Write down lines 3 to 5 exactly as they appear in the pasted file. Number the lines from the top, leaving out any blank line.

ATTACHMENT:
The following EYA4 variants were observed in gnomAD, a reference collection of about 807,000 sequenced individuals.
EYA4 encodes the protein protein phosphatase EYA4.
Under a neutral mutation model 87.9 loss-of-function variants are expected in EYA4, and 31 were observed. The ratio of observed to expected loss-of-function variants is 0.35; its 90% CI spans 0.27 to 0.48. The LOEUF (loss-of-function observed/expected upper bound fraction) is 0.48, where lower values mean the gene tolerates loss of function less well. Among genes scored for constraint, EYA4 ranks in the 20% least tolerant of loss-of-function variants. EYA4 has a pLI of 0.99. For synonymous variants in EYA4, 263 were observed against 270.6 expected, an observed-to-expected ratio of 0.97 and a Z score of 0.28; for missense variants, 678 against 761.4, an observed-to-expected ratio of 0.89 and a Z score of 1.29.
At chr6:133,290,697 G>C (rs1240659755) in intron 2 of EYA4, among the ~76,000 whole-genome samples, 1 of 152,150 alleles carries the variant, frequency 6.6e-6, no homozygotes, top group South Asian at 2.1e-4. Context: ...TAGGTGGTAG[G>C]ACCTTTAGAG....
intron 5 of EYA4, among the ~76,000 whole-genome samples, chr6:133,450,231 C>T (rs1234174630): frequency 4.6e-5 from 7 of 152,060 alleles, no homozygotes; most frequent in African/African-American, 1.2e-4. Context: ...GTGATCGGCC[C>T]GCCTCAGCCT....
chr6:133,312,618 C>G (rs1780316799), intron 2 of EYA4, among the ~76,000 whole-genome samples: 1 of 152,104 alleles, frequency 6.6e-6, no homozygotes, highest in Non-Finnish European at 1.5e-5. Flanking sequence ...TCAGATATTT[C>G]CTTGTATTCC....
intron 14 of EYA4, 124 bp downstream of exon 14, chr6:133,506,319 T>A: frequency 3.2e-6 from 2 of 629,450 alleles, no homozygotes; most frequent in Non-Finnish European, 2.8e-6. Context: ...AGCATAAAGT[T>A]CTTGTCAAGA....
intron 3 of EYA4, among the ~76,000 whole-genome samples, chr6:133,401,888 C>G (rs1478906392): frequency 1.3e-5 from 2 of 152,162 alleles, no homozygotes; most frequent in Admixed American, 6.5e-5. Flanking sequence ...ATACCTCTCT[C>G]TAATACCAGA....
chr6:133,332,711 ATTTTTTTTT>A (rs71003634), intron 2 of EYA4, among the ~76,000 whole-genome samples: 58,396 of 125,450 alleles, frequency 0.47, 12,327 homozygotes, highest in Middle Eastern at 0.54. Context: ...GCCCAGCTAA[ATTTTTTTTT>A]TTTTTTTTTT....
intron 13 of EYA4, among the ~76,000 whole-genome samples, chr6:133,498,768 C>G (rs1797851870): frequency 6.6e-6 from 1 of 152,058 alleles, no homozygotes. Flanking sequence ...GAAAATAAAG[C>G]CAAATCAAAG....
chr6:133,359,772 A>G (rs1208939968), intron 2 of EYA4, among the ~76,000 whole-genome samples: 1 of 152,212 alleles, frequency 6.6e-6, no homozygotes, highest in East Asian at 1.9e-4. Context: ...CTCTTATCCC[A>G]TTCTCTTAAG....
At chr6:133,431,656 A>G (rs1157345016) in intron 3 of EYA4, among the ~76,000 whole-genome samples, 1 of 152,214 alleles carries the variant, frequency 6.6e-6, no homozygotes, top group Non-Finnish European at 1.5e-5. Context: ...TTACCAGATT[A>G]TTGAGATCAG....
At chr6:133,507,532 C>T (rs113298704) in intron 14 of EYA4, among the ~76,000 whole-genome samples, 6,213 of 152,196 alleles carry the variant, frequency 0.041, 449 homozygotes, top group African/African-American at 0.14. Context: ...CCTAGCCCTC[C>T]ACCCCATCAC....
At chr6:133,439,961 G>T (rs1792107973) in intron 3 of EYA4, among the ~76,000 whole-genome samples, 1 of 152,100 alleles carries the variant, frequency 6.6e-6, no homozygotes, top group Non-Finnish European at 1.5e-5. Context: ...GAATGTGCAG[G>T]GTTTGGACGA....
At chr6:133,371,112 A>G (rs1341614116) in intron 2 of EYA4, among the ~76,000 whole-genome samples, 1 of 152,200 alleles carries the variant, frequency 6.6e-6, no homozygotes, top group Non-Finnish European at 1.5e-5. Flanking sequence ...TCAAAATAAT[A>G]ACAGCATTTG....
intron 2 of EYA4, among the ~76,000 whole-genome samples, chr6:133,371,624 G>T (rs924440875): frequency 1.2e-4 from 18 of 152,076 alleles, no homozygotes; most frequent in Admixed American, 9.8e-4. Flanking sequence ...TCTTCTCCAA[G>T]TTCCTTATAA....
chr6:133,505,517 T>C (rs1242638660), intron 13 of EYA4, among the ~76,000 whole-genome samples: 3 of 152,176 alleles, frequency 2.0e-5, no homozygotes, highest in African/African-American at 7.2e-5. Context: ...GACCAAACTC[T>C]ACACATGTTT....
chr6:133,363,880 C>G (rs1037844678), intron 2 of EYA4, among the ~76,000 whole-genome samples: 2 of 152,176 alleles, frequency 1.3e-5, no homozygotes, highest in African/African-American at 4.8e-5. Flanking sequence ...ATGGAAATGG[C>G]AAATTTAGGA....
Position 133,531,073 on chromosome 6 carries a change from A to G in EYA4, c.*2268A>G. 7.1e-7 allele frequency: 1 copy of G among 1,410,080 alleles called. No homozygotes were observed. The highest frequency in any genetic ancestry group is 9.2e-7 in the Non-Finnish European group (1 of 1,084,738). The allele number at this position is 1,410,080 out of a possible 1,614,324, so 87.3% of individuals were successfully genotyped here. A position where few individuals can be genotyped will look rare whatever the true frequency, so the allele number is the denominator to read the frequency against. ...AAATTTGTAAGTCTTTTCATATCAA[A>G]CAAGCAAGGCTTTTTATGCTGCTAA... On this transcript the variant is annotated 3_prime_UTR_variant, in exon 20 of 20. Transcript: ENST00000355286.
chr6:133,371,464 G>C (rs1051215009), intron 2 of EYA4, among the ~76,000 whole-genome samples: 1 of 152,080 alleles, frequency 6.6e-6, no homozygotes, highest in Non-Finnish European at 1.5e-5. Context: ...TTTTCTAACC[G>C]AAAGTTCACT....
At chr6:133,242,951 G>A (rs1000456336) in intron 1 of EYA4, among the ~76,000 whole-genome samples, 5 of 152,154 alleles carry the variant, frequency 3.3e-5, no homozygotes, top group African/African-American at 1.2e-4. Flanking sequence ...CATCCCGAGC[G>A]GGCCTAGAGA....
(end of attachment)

Under a neutral mutation model 87.9 loss-of-function variants are expected in EYA4, and 31 were observed. The ratio of observed to expected loss-of-function variants is 0.35; its 90% CI spans 0.27 to 0.48. The LOEUF (loss-of-function observed/expected upper bound fraction) is 0.48, where lower values mean the gene tolerates loss of function less well. Among genes scored for constraint, EYA4 ranks in the 20% least tolerant of loss-of-function variants. EYA4 has a pLI of 0.99. For synonymous variants in EYA4, 263 were observed against 270.6 expected, an observed-to-expected ratio of 0.97 and a Z score of 0.28; for missense variants, 678 against 761.4, an observed-to-expected ratio of 0.89 and a Z score of 1.29.
At chr6:133,290,697 G>C (rs1240659755) in intron 2 of EYA4, among the ~76,000 whole-genome samples, 1 of 152,150 alleles carries the variant, frequency 6.6e-6, no homozygotes, top group South Asian at 2.1e-4. Context: ...TAGGTGGTAG[G>C]ACCTTTAGAG....
intron 5 of EYA4, among the ~76,000 whole-genome samples, chr6:133,450,231 C>T (rs1234174630): frequency 4.6e-5 from 7 of 152,060 alleles, no homozygotes; most frequent in African/African-American, 1.2e-4. Context: ...GTGATCGGCC[C>T]GCCTCAGCCT....